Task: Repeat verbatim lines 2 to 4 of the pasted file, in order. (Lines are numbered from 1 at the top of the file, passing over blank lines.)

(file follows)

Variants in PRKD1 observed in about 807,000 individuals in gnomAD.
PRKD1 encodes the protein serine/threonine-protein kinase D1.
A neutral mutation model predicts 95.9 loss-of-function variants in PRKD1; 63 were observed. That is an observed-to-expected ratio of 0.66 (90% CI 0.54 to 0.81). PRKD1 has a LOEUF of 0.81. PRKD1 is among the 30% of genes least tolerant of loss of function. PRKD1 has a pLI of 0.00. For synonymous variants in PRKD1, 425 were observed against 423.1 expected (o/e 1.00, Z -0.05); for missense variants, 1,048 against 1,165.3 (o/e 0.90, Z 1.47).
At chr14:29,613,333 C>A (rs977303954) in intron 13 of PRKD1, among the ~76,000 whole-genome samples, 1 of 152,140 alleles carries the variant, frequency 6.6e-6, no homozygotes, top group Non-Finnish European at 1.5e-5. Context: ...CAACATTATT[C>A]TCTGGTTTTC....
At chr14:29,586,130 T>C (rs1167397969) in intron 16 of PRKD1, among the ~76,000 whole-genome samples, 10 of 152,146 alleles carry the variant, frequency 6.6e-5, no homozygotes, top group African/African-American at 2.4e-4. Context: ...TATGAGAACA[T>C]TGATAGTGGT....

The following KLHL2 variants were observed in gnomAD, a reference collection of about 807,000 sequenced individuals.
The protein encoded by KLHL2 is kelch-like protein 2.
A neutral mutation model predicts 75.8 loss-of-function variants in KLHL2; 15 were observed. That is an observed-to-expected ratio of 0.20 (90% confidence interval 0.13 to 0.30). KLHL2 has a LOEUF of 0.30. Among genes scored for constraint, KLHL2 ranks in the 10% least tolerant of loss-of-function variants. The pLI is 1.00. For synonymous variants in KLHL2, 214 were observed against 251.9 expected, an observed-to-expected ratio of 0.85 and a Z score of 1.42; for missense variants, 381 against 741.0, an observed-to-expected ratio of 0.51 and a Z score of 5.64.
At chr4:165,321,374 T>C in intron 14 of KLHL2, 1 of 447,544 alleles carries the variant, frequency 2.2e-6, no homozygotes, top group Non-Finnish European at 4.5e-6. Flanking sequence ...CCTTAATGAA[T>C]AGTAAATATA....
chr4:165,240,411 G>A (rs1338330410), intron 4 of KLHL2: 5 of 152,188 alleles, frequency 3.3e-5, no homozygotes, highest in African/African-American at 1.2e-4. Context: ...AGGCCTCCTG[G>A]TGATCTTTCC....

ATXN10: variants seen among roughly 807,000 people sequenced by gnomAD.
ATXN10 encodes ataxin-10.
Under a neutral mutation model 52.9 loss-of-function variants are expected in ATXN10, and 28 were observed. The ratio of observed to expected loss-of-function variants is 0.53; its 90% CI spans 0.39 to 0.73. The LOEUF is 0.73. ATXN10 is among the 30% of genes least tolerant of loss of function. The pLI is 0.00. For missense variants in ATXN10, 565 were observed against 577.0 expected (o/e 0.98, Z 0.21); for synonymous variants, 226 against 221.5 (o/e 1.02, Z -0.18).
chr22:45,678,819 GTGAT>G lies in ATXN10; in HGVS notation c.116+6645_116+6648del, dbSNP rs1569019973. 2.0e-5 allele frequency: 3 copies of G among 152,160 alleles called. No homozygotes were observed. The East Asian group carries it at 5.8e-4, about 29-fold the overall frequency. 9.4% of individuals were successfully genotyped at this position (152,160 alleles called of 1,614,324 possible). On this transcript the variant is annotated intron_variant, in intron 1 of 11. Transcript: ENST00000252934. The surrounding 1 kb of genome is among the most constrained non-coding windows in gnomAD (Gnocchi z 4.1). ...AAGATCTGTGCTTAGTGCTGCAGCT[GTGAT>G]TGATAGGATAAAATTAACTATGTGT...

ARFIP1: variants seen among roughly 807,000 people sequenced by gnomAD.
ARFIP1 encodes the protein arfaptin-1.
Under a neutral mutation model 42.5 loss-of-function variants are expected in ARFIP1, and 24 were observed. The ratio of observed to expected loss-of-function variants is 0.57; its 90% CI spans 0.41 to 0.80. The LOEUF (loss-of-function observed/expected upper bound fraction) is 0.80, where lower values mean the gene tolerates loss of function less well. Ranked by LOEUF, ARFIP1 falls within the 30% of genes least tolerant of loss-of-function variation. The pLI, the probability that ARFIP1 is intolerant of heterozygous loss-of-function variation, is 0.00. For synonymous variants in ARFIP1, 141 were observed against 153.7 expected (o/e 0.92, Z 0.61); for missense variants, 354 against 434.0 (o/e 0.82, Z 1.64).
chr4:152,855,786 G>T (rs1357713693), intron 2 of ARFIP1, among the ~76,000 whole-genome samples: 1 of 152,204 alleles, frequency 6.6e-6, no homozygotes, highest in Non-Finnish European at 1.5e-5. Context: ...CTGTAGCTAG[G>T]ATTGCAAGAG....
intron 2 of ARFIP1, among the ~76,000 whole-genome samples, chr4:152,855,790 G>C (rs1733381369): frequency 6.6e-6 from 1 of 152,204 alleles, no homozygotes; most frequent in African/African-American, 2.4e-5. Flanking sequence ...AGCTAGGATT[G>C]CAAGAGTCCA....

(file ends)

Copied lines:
PRKD1 encodes the protein serine/threonine-protein kinase D1.
A neutral mutation model predicts 95.9 loss-of-function variants in PRKD1; 63 were observed. That is an observed-to-expected ratio of 0.66 (90% CI 0.54 to 0.81). PRKD1 has a LOEUF of 0.81. PRKD1 is among the 30% of genes least tolerant of loss of function. PRKD1 has a pLI of 0.00. For synonymous variants in PRKD1, 425 were observed against 423.1 expected (o/e 1.00, Z -0.05); for missense variants, 1,048 against 1,165.3 (o/e 0.90, Z 1.47).
At chr14:29,613,333 C>A (rs977303954) in intron 13 of PRKD1, among the ~76,000 whole-genome samples, 1 of 152,140 alleles carries the variant, frequency 6.6e-6, no homozygotes, top group Non-Finnish European at 1.5e-5. Context: ...CAACATTATT[C>A]TCTGGTTTTC....